Differences between adjustable and fixed rate loans

With a fixed-rate loan, your payment doesn't change for the entire duration of your mortgage. The longer you pay, the more of your payment goes toward principal. The property taxes and homeowners insurance will go up over time, but for the most part, payment amounts on these types of loans don't increase much.

Early in a fixed-rate loan, most of your payment goes toward interest, and a significantly smaller percentage goes to principal. The amount applied to your principal amount increases up slowly each month.

You might choose a fixed-rate loan in order to lock in a low interest rate. Borrowers choose these types of loans because interest rates are low and they want to lock in at the low rate. For homeowners who have an ARM now, refinancing with a fixed-rate loan can provide more stability in monthly payments. If you have an Adjustable Rate Mortgage (ARM) now, we can help you lock in a fixed-rate at a good rate. Call Valley Savers Mortgage, LLC at (602) 332-9544 to learn more.

There are many different kinds of Adjustable Rate Mortgages. Generally, interest for ARMs are based on an outside index. A few of these are: the 6-month CD rate, the 1 year Treasury Security rate, the Federal Home Loan Bank's 11th District Cost of Funds Index (COFI), or others.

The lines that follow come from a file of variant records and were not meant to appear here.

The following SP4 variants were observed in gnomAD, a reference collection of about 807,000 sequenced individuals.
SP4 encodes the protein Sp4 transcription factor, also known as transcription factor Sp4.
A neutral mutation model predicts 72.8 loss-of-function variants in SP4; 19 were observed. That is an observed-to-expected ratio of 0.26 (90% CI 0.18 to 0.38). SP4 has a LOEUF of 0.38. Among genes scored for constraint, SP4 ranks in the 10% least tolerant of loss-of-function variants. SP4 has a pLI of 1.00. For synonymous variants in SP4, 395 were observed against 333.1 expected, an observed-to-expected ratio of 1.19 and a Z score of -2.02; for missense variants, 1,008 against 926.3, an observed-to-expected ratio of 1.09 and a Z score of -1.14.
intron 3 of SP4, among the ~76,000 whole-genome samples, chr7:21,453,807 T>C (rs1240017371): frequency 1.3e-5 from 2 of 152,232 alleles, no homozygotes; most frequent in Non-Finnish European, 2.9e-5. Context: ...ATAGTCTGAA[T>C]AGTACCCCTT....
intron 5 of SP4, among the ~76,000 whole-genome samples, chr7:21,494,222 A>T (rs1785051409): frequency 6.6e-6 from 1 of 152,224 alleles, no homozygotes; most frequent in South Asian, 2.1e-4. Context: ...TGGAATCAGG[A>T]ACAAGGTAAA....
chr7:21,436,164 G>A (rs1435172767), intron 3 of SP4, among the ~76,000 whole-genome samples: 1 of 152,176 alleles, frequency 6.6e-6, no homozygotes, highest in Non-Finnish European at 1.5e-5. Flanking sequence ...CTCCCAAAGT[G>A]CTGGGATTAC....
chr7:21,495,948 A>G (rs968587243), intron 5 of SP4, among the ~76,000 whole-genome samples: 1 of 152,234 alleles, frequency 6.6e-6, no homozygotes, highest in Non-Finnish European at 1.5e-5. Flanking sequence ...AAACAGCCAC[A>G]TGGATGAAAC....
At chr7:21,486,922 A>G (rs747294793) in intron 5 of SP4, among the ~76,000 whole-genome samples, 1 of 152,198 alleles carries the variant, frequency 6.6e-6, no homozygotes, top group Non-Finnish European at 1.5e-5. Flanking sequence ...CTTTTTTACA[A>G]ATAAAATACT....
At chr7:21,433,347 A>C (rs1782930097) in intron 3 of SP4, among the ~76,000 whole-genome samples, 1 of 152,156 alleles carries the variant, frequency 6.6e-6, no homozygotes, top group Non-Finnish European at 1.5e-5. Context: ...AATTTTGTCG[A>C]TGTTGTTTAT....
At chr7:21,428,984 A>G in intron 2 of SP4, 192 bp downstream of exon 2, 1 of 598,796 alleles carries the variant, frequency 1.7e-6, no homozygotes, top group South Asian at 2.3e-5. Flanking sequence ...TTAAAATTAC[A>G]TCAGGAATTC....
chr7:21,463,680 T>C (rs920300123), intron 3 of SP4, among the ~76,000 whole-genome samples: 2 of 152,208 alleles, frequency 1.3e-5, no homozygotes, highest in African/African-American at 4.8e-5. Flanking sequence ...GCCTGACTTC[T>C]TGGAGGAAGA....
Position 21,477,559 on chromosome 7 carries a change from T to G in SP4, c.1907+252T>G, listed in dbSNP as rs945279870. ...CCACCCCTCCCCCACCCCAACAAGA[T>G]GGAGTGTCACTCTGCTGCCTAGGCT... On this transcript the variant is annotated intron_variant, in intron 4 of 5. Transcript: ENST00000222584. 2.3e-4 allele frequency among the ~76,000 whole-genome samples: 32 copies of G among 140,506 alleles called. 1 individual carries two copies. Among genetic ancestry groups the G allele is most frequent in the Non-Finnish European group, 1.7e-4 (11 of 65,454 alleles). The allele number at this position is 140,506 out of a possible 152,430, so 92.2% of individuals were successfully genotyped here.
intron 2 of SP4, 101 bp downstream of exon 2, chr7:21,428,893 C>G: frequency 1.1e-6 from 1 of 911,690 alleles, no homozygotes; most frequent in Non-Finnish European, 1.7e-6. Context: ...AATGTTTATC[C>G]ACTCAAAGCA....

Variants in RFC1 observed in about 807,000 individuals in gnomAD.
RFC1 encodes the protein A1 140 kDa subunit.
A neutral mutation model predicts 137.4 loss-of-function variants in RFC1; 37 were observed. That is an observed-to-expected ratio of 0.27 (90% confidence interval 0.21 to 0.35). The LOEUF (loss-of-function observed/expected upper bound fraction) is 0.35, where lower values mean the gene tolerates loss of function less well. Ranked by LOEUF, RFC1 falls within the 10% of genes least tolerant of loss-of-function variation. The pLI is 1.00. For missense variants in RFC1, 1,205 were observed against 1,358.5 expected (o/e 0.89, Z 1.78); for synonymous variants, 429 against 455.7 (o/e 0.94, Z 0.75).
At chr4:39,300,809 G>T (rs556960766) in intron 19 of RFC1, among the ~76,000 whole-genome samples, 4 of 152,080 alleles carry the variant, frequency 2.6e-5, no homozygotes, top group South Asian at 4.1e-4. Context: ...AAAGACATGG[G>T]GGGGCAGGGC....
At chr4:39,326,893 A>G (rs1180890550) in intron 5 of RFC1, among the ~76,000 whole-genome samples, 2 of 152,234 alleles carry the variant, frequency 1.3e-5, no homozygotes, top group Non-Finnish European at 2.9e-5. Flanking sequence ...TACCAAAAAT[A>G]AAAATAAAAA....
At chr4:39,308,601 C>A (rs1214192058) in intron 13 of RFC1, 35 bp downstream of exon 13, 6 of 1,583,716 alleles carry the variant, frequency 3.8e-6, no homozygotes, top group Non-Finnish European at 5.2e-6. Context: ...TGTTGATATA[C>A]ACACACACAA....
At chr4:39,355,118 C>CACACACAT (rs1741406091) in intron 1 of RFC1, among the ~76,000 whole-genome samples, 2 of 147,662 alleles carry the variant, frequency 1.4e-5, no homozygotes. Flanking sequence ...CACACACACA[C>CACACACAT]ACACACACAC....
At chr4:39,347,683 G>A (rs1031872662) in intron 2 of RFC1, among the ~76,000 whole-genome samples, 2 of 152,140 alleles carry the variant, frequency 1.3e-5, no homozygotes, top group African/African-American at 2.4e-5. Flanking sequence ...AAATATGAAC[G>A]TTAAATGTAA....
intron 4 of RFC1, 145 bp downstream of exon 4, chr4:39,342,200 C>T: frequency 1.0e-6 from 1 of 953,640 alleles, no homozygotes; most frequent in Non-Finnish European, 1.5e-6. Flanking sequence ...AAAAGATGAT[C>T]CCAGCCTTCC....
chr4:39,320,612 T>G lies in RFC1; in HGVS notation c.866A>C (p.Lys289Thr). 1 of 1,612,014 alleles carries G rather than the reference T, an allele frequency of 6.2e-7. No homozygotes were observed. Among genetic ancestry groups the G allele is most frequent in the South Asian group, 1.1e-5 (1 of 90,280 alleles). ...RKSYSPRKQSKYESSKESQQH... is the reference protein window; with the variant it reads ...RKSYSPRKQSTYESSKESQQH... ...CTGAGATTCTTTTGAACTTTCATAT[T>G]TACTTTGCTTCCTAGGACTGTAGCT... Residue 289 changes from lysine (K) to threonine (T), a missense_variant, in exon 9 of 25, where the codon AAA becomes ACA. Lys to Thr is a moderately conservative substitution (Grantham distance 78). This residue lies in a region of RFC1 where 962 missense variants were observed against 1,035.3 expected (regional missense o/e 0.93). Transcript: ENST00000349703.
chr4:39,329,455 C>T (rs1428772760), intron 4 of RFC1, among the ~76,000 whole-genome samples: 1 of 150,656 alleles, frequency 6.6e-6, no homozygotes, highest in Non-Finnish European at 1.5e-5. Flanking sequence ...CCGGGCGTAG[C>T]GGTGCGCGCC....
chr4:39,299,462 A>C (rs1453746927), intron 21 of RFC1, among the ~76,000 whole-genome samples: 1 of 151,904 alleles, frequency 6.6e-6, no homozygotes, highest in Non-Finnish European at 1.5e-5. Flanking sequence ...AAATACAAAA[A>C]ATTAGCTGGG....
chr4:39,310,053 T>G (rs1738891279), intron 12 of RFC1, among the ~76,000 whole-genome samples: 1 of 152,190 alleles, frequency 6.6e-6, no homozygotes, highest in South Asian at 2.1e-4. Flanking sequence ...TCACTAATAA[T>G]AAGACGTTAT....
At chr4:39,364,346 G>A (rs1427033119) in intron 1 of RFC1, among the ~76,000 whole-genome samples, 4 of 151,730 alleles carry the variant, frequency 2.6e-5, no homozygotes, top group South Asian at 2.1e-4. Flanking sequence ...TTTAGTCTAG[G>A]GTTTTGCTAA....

Most ARMs feature this cap, so they won't go up over a certain amount in a given period of time. There may be a cap on interest rate variances over the course of a year. For example: no more than a couple percent per year, even if the underlying index goes up by more than two percent. Sometimes an ARM features a "payment cap" that ensures your payment won't go above a certain amount in a given year. Almost all ARMs also cap your rate over the duration of the loan.

ARMs most often have their lowest, most attractive rates toward the start. They usually guarantee the lower interest rate from a month to ten years. You've probably read about 5/1 or 3/1 ARMs. For these loans, the initial rate is fixed for three or five years. It then adjusts every year. These types of loans are fixed for a number of years (3 or 5), then they adjust. Loans like this are usually best for people who expect to move in three or five years. These types of ARMs most benefit borrowers who plan to move before the initial lock expires.

Most people who choose ARMs choose them when they want to take advantage of lower introductory rates and don't plan to stay in the house for any longer than this introductory low-rate period. ARMs can be risky when housing prices go down because homeowners could be stuck with rates that go up when they can't sell or refinance with a lower property value.

Have questions about mortgage loans? Call us at (602) 332-9544. We answer questions about different types of loans every day.

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